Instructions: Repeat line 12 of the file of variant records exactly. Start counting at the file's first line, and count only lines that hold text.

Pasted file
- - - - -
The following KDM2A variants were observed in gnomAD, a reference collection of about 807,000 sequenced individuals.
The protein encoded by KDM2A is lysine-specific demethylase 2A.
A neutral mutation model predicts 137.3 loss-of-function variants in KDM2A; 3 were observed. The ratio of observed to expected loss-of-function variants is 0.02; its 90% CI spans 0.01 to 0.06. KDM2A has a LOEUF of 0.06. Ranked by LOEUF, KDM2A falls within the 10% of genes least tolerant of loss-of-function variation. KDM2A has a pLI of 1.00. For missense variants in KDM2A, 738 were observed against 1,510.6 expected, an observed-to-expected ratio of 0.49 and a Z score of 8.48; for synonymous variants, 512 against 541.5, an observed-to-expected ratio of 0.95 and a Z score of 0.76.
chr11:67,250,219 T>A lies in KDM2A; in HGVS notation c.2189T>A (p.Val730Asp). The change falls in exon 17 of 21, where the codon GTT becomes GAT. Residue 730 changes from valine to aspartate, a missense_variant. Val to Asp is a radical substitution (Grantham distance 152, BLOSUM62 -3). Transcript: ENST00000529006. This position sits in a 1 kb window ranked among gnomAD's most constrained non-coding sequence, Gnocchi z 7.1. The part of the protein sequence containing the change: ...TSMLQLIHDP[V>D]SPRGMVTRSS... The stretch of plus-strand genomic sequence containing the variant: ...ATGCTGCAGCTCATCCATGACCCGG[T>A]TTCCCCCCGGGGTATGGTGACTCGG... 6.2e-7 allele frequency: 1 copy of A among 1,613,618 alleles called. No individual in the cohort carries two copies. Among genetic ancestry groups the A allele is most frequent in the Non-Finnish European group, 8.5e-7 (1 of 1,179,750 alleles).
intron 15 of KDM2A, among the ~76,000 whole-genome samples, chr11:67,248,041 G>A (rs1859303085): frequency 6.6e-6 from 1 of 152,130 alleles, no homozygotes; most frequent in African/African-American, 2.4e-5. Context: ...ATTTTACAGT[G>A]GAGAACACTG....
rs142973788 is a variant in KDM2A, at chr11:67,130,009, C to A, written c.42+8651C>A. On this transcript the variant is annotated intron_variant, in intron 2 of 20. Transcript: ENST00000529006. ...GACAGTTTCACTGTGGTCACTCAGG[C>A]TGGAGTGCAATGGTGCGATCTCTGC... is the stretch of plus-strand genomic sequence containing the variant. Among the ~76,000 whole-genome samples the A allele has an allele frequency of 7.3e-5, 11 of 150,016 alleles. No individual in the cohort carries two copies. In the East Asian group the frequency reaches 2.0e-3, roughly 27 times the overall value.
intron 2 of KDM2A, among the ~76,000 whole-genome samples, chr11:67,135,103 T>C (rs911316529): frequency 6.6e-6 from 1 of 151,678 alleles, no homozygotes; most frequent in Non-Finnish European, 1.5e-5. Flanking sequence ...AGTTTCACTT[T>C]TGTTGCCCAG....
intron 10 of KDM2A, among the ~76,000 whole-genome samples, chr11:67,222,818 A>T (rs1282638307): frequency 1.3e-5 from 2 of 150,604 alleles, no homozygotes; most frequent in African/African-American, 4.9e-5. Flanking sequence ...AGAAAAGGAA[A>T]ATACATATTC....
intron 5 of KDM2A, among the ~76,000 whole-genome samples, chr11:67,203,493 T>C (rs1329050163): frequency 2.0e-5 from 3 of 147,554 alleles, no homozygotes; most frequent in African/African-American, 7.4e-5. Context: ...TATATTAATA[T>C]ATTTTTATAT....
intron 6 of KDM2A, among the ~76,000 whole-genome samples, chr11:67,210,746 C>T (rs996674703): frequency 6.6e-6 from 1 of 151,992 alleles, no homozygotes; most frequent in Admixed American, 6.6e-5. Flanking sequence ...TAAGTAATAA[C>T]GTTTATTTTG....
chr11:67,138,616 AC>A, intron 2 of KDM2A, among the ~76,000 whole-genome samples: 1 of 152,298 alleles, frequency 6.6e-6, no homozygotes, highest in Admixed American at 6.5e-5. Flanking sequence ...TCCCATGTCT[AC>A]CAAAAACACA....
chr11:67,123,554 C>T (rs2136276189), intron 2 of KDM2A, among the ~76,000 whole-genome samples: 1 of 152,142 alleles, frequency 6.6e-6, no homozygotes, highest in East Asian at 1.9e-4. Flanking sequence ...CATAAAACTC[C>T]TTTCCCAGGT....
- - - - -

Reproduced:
chr11:67,123,554 C>T (rs2136276189), intron 2 of KDM2A, among the ~76,000 whole-genome samples: 1 of 152,142 alleles, frequency 6.6e-6, no homozygotes, highest in East Asian at 1.9e-4. Flanking sequence ...CATAAAACTC[C>T]TTTCCCAGGT....